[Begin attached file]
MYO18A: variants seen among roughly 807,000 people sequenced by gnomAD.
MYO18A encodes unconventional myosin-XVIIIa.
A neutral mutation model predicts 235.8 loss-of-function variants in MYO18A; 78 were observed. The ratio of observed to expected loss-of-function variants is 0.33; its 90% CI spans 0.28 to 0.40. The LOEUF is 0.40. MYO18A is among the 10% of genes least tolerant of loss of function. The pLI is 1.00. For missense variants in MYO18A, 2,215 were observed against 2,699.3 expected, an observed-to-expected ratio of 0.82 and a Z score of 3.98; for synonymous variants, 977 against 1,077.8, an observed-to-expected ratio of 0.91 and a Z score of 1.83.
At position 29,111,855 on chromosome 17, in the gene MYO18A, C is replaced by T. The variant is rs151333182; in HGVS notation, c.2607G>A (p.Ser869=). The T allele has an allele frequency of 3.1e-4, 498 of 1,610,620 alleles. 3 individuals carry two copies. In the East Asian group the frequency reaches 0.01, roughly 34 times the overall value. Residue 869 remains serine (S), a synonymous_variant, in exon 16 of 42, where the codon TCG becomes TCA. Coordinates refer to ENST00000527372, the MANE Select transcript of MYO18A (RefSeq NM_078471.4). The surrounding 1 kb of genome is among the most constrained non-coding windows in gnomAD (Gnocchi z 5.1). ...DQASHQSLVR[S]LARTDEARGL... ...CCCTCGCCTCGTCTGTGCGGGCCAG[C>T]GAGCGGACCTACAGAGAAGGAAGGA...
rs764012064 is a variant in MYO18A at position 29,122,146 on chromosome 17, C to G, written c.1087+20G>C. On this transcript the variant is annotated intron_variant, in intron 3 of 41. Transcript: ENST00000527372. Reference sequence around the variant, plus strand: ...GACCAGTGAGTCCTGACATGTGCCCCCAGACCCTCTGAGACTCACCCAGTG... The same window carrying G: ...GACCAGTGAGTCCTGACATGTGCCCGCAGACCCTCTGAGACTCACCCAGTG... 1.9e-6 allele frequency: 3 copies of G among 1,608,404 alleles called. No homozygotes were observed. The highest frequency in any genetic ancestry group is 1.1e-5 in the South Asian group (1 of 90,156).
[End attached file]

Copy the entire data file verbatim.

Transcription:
MYO18A: variants seen among roughly 807,000 people sequenced by gnomAD.
MYO18A encodes unconventional myosin-XVIIIa.
A neutral mutation model predicts 235.8 loss-of-function variants in MYO18A; 78 were observed. The ratio of observed to expected loss-of-function variants is 0.33; its 90% CI spans 0.28 to 0.40. The LOEUF is 0.40. MYO18A is among the 10% of genes least tolerant of loss of function. The pLI is 1.00. For missense variants in MYO18A, 2,215 were observed against 2,699.3 expected, an observed-to-expected ratio of 0.82 and a Z score of 3.98; for synonymous variants, 977 against 1,077.8, an observed-to-expected ratio of 0.91 and a Z score of 1.83.
At position 29,111,855 on chromosome 17, in the gene MYO18A, C is replaced by T. The variant is rs151333182; in HGVS notation, c.2607G>A (p.Ser869=). The T allele has an allele frequency of 3.1e-4, 498 of 1,610,620 alleles. 3 individuals carry two copies. In the East Asian group the frequency reaches 0.01, roughly 34 times the overall value. Residue 869 remains serine (S), a synonymous_variant, in exon 16 of 42, where the codon TCG becomes TCA. Coordinates refer to ENST00000527372, the MANE Select transcript of MYO18A (RefSeq NM_078471.4). The surrounding 1 kb of genome is among the most constrained non-coding windows in gnomAD (Gnocchi z 5.1). ...DQASHQSLVR[S]LARTDEARGL... ...CCCTCGCCTCGTCTGTGCGGGCCAG[C>T]GAGCGGACCTACAGAGAAGGAAGGA...
rs764012064 is a variant in MYO18A at position 29,122,146 on chromosome 17, C to G, written c.1087+20G>C. On this transcript the variant is annotated intron_variant, in intron 3 of 41. Transcript: ENST00000527372. Reference sequence around the variant, plus strand: ...GACCAGTGAGTCCTGACATGTGCCCCCAGACCCTCTGAGACTCACCCAGTG... The same window carrying G: ...GACCAGTGAGTCCTGACATGTGCCCGCAGACCCTCTGAGACTCACCCAGTG... 1.9e-6 allele frequency: 3 copies of G among 1,608,404 alleles called. No homozygotes were observed. The highest frequency in any genetic ancestry group is 1.1e-5 in the South Asian group (1 of 90,156).